Australian Religious Communities Unite Against Climate Crisis
by Sophie Flint
June 24, 2020
The 2019-2020 bushfire crisis in Australia has shown the unique ways that natural disasters and community emergencies can activate religious leaders, institutions, and values. As ravenous fires destroyed land and homes across the continent, faith-based communities engaged with first responders and affected communities in a meaningful way. On the national level, religious leaders are using their platform and beliefs to combat climate change and incite political action. These responses not only set an example to Australian communities, but they show the world how religious actors can provide support, alleviate suffering, and enact lasting change around the world.
From September 2019 to February 2020, Australia experienced one of its worst bushfire seasons in history, killing 34 people and an estimated billion animals. More than 46 million acres of land were burned, and nearly 3,000 homes were destroyed. As communities felt the impact of the fires—some by overwhelming smoke in the atmosphere, others by emergency evacuation—religious groups responded with compassion.
The Riviera Christian Centre was quick to open its doors to victims and evacuees. They provided parking, showers, toilets, cooking facilities, charging for devices, and more. Clarie Jones, a representative from the Salvation Army, stated these efforts represent “the church at its best, working together.” Another church in Bega, feeling the heat from nearby flames, opened its doors for people to escape relief from the heat in its air-conditioned building. Responding to the care and peace she received, one woman commented this “is like church as we’ve never seen it before.” In the midst of a national disaster, the church was able to fully express its mission by creating a sense of peace and relief for communities.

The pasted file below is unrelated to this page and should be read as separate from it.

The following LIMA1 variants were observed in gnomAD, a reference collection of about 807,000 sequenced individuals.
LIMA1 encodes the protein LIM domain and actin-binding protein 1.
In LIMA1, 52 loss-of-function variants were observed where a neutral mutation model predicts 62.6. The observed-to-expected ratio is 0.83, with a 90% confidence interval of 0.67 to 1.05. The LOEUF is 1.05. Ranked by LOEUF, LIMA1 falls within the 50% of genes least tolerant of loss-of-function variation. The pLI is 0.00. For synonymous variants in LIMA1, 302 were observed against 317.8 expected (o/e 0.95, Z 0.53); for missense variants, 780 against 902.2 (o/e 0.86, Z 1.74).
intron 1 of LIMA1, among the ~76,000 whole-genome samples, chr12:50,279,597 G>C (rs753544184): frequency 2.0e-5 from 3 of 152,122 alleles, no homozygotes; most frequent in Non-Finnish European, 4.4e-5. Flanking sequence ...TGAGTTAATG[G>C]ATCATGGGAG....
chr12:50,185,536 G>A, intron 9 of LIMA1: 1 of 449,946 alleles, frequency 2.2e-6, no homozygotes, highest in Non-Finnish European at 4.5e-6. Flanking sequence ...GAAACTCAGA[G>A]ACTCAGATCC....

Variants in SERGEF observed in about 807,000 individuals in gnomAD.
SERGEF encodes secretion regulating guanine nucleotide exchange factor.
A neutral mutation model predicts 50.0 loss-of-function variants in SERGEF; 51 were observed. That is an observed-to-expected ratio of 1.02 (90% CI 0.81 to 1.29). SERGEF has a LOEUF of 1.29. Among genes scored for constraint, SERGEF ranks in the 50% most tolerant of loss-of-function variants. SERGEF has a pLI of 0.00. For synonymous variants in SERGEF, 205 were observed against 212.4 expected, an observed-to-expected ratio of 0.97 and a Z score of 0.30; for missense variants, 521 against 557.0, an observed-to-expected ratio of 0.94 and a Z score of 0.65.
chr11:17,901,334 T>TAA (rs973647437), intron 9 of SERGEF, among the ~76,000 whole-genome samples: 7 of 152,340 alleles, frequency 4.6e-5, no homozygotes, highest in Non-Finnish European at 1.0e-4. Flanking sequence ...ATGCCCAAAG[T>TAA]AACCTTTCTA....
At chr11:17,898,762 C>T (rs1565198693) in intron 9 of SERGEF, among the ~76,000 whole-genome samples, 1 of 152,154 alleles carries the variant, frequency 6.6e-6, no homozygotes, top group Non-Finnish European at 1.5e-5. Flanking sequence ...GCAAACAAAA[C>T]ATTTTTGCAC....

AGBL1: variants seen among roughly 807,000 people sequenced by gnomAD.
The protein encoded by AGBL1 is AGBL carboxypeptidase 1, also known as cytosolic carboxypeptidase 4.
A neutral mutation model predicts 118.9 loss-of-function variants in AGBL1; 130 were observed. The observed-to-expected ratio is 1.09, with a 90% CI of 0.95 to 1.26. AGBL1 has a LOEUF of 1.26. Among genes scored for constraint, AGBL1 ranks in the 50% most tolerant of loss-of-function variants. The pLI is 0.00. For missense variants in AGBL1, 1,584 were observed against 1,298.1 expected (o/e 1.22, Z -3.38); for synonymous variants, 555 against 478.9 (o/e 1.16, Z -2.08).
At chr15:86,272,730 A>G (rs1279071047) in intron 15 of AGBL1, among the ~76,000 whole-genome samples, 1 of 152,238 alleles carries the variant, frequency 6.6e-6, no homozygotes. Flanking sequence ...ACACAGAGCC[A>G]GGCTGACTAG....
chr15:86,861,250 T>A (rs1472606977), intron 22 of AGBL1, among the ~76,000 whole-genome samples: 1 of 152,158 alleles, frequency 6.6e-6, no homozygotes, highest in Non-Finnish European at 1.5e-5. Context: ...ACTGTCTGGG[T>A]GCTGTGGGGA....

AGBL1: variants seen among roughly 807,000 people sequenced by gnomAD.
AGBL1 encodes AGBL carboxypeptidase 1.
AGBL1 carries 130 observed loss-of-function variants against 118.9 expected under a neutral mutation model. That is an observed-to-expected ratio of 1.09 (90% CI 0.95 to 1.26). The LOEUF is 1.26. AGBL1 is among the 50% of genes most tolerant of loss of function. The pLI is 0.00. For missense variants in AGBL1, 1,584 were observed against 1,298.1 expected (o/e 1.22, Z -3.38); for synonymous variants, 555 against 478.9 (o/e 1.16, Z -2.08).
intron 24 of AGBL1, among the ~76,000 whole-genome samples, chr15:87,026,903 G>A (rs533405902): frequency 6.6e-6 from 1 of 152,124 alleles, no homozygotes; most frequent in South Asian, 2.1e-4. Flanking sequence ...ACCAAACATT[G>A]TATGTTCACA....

Minority religious communities in Australia also responded to the crisis in big ways. Melbourne-based Sikh Volunteers Australia altered their weekly meal time to help firefighters in need. While the group typically serves meals to those in need in Melbourne, they opted to drive to a nearby town to feed those affected by the fires. Over one hundred people volunteered to support the mission. The Australian Islamic Centre used social media to ask for donations and hosted a cookout after Friday prayer to raise money for relief. Some members even drove over five hours to donate supplies to firefighters—they hosted a cookout of lamb kebab, chicken kebab and other cultural foods for the fighters while they were there.
Nation-wide, the interfaith community in Australia has been strengthened by these events and has convened as one voice against climate change. Whether these bushfires were a result of human induced climate change or not, leaders are using these disasters as a call to action. Indigenous and Abrahamic religions alike are voicing concern about government actions and policy. The Australian Religious Response to Climate Change co-hosted the “People’s Climate Assembly” where religious leaders circled together on the grounds of Parliament House. Here, Catholics, Anglicans, Muslims, Buddhists, and Quakers joined thousands of other Australians, unable to ignore the warning of the “wake up” call of the bushfires, to advocate for change.
The group, active for almost a decade, believes “that as people dedicated to the common good, inspired by our beliefs and energized by our spirituality, people of all faiths can and should be at the forefront of creating a safe climate.” In June of 2019, the group organized more than 150 leaders, including bishops, rabbis, theologians, the grand mufti of Australia, Muslims Australia, Australia Buddhist Council, and others wrote a letter to the Prime Minister advocating for alternative energy solutions to counter Australia’s reliance on coal, and their belief that climate change “is a profoundly moral problem and Australia’s response will be crucial in addressing it.”
Both Australia’s religious communities and Australia’s religious leaders are setting an example for how their role and actions are catalysts for change. They would not stand by as members of their community lose loved ones, homes, and environments. By inspiring action, providing and advocating for victims of disaster, and leading the call for policy change, they are both caring for communities and the earth—values shared across faiths.
The views, thoughts, and opinions in this blog belong solely to the author and are not representative of an official position or endorsement by the International Center for Religion & Diplomacy (ICRD).